Dilutive vs Non Dilutive Offering

Shelf Offering  

A shelf offering can be a combination of securities including stocks and bonds. Shelf offerings are usually dilutive but not immediately. They can start off as a bond and then convert to shares at specific triggers, thus the convertible bond. 

What Traders Need to Know About Secondary Offerings

Be Aware of Secondary Offerings

Keep track of news related to offerings. Offerings can often kill small cap momentum runs like the example at the beginning of this article. Small caps are notorious for running up double and triple digits before announcing a secondary offering that pummels shares back down. This is because a high share price will enable more proceeds for the company.

Consider the Price and Size of the Offering

Once a company announces its secondary offering, it’s a good idea to check the filing on EDGAR and to analyze whether the sell-off is an overreaction. How dilutive is the offering? What percentage of the float is being added? Is the company selling tons of shares below market price?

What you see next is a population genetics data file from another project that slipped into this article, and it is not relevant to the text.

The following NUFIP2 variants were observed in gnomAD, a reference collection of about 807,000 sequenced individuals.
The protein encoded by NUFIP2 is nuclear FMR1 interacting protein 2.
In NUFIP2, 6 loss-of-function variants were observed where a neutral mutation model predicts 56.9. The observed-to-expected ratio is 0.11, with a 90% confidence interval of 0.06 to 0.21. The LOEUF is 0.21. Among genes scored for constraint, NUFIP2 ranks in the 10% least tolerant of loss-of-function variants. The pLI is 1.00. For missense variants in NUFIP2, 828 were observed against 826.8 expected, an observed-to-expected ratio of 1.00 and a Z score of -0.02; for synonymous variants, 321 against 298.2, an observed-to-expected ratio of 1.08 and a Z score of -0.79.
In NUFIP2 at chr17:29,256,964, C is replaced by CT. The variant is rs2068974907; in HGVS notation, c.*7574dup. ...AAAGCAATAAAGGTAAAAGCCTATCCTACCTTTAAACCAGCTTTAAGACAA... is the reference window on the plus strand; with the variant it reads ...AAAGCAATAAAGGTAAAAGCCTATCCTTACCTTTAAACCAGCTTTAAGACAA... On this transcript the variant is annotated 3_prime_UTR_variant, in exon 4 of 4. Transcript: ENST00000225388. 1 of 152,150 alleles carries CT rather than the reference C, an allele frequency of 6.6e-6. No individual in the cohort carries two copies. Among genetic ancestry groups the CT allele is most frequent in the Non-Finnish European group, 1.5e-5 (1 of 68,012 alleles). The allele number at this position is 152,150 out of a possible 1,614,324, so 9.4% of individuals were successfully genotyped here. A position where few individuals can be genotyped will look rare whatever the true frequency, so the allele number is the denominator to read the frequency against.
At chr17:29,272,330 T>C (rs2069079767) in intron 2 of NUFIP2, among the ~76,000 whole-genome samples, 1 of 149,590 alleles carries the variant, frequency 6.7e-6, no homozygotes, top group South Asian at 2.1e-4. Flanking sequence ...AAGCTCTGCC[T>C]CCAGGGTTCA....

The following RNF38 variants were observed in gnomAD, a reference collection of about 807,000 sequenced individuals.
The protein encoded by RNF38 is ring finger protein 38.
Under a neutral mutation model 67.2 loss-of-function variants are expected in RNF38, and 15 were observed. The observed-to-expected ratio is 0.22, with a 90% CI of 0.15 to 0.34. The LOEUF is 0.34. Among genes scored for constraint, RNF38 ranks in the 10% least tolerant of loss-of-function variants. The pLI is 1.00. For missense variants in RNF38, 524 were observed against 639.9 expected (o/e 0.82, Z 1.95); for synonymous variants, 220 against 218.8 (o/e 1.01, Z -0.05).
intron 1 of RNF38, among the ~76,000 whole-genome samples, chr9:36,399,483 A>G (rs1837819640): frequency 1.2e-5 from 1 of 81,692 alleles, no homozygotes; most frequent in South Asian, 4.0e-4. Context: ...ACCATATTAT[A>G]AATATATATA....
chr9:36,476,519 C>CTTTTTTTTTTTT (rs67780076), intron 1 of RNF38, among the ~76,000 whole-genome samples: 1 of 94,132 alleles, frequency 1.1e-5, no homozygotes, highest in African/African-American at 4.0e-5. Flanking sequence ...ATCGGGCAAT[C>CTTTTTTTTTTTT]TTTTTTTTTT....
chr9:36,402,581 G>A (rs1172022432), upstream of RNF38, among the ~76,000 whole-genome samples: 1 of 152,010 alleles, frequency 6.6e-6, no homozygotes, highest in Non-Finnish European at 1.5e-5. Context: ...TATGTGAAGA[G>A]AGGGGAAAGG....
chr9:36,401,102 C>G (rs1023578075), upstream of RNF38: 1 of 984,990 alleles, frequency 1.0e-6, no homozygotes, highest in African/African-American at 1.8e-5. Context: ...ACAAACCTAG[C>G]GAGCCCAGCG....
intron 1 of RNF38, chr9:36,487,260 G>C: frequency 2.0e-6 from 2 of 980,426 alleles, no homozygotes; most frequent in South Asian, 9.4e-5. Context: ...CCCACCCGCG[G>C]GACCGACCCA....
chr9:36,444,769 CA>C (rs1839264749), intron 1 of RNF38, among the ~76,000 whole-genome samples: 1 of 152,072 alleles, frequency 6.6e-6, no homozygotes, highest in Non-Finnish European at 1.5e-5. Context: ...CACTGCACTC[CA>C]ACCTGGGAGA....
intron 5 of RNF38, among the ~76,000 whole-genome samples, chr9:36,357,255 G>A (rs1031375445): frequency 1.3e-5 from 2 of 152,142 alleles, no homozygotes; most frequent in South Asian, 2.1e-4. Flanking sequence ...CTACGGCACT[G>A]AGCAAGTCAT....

Small vs Big Secondary Offerings

If the offering is priced much lower than where shares are trading, then immediately kick back and watch the offer price as a potential support. If shares are priced higher than where the stock is currently trading, then consider trying to find a bottom reversal area to trade.

You may also consider the purpose of the offering. If the purpose is for an acquisition, new projects, or for investments that are immediately accretive to earnings, then it may be fruitful to look for a bottom reversal. If the secondary is to pay off debt, then you may want to wait it out a little longer.

Consider the Terms of the Offering

As you do your research, make sure to read about the terms of the offering. Is there a lock-up period? If so, then mark the date on your calendar to consider as a reversal day and potential selling into that day. Make sure to note if there are any other stipulations.

Consider the Market’s Reaction